Midlife and Depression: The True Connection

Midlife and Depression: The True Connection

By: Holly L. Thacker, MD • Posted on January 20, 2021

Does Menopause Cause Depression?

Mood swings, feeling blue, crying for no reason – it must be the change-of-life?!?

Well, yes and no. For many of us, midlife brings on new and exciting adventures as well as some stressful challenges, such as:

  • Raising teenagers
  • Caring for an elderly relative
  • Being an empty nester for the first time
  • Dealing with a divorce
  • Losing a loved one

All of these factors can cause a person to feel depressed, especially the raising teenagers part – right, ladies? And, unfortunately, many of these stressful factors happen to occur during the same time as menopause.

How Does a Woman Know if She has Clinical Depression?

And while menopause is not a major risk for clinical depression, the hormone changes that occur during this time can influence the neurotransmitters in our brains, which help regulate healthy brain function. Menopausal side effects, such as hot flashes and loss of sleep can bring on episodes of depression within women - especially women who have had depression in the past, like postpartum depression and/or severe PMS.

So how do you know if you are clinically depressed or just not feeling like yourself lately? Good question! To help you identify if what you are feeling is truly clinical depression, I have listed some questions below:

  1. Have you lost interest in hobbies or activities that you used to enjoy?
  2. Do you have trouble falling or staying asleep?
  3. Do you feel resentful or angry? Do you have outbursts of complaints or shouting?
  4. Have you lost interest in sex?
  5. Do you feel worthless, unattractive or guilty for no reason?
  6. Do you struggle to concentrate? Are your thoughts muddy or foggy?
  7. Do you worry or experience delusions or fears?
  8. Have you had periods of mania or mood elevation?
  9. Have you considered suicide?

If you answered “yes” to ANY of these questions, you should contact your physician for further discussion right away. Your physician can help you identify the cause of these feelings and find a solution.

Treatment Options for Depression

Depression is very treatable with the following lifestyle changes:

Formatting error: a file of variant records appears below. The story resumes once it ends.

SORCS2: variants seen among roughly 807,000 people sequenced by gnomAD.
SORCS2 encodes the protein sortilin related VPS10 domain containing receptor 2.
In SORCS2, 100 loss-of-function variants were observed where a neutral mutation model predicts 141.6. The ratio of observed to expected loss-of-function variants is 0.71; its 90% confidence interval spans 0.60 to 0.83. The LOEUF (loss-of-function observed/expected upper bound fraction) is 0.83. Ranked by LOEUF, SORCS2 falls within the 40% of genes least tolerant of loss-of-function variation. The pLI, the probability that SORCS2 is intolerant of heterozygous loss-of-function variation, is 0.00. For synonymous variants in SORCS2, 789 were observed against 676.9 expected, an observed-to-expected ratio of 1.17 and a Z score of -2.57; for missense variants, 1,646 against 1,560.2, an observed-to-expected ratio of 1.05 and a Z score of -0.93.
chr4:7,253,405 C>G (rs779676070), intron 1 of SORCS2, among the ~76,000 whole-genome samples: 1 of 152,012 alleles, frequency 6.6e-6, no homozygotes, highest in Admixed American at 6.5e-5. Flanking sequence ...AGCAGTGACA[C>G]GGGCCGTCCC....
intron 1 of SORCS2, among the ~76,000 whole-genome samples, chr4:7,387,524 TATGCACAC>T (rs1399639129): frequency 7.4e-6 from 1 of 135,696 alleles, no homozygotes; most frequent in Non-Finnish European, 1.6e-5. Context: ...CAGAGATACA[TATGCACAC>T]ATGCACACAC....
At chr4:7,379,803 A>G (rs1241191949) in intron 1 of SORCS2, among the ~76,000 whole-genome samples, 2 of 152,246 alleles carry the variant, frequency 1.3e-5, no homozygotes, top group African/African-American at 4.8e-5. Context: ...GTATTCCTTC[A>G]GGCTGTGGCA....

• Daily exercise
  • Anti-depressant therapy
  • “Talk therapy”
  • Vitamin therapy (if low in vitamin D and B complex)
  • Light therapy (if depression occurs in the winter)

However, in severe cases additional therapies might be needed and should be directed by a psychiatrist. It is also important to note that if you are clinically depressed and are experiencing menopausal symptoms you will need treatment for BOTH conditions.

Also, if you are depressed and having regular periods, it is not menopause, but still needs to be treated by a physician. It is important to note that the highest incidence of depression typically occurs within thirty-something women who are at home with young children.

Be Strong, Be Healthy, Be in Charge!

- Holly L. Thacker, MD

Holly L. Thacker, MD, FACP is nationally known for her leadership in women’s health. She is the founder of the Cleveland Clinic Women’s Health Fellowship and is currently the Professor and Director of the Center for Specialized Women’s Health at Cleveland Clinic and Lerner College of Medicine at Case Western Reserve University. Dr. Thacker is also the Executive Director of Speaking of Women’s Health and the author of The Cleveland Clinic Guide to Menopause. Her special interests and areas of research including menopause and related medical problems including osteoporosis, hormone therapy, breast cancer risk assessment, menstrual disorders, female sexual dysfunction and interdisciplinary women’s health.

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